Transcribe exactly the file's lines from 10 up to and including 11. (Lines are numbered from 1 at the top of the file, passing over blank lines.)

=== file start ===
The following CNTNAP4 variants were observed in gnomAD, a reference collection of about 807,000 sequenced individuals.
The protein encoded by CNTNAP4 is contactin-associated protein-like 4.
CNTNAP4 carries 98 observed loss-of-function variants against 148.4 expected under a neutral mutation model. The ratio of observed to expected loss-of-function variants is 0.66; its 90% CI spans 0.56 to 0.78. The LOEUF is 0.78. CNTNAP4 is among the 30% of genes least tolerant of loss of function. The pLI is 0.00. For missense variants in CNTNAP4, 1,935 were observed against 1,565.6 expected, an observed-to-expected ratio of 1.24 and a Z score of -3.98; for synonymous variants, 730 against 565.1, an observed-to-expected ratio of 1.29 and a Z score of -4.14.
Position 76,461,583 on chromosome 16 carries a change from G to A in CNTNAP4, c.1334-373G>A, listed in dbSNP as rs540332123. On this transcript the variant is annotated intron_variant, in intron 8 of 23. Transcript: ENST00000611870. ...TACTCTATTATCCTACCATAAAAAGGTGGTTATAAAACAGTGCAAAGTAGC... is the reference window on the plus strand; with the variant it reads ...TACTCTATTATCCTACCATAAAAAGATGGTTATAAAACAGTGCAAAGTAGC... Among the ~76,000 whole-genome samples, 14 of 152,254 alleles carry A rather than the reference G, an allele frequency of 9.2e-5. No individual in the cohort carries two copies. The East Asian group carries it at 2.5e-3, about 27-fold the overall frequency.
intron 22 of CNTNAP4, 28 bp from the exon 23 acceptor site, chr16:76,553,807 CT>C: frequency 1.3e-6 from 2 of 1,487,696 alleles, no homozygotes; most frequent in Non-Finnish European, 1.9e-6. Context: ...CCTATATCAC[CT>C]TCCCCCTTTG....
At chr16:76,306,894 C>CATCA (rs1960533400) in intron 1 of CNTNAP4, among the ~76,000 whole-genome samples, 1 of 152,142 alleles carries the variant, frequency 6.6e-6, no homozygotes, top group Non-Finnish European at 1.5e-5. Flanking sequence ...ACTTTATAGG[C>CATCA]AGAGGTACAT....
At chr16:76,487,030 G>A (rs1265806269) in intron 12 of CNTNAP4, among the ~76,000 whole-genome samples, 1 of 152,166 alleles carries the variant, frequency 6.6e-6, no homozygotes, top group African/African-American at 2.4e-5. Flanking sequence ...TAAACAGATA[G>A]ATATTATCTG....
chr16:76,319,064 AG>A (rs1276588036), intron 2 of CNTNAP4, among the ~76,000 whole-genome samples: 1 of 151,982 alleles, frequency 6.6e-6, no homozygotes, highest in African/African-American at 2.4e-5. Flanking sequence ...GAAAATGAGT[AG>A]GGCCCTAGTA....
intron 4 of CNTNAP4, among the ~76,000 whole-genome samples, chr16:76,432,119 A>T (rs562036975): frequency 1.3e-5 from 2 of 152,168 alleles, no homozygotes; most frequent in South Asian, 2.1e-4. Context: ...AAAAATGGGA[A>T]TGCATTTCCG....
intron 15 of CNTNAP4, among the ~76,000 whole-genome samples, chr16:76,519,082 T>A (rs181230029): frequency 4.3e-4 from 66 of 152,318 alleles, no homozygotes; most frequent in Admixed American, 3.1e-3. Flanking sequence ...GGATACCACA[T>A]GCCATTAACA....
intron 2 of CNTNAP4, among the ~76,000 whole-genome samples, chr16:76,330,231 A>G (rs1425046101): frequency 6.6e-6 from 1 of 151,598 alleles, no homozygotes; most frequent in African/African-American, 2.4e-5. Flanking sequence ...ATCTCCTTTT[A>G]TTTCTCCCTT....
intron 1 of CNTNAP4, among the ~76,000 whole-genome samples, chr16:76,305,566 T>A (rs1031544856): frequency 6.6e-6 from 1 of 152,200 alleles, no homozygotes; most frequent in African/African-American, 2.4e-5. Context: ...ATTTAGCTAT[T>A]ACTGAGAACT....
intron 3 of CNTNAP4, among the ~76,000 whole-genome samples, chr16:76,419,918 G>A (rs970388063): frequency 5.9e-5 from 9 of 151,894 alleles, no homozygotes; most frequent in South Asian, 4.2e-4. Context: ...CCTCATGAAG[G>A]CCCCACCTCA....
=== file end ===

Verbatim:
intron 15 of CNTNAP4, among the ~76,000 whole-genome samples, chr16:76,519,082 T>A (rs181230029): frequency 4.3e-4 from 66 of 152,318 alleles, no homozygotes; most frequent in Admixed American, 3.1e-3. Flanking sequence ...GGATACCACA[T>A]GCCATTAACA....
intron 2 of CNTNAP4, among the ~76,000 whole-genome samples, chr16:76,330,231 A>G (rs1425046101): frequency 6.6e-6 from 1 of 151,598 alleles, no homozygotes; most frequent in African/African-American, 2.4e-5. Flanking sequence ...ATCTCCTTTT[A>G]TTTCTCCCTT....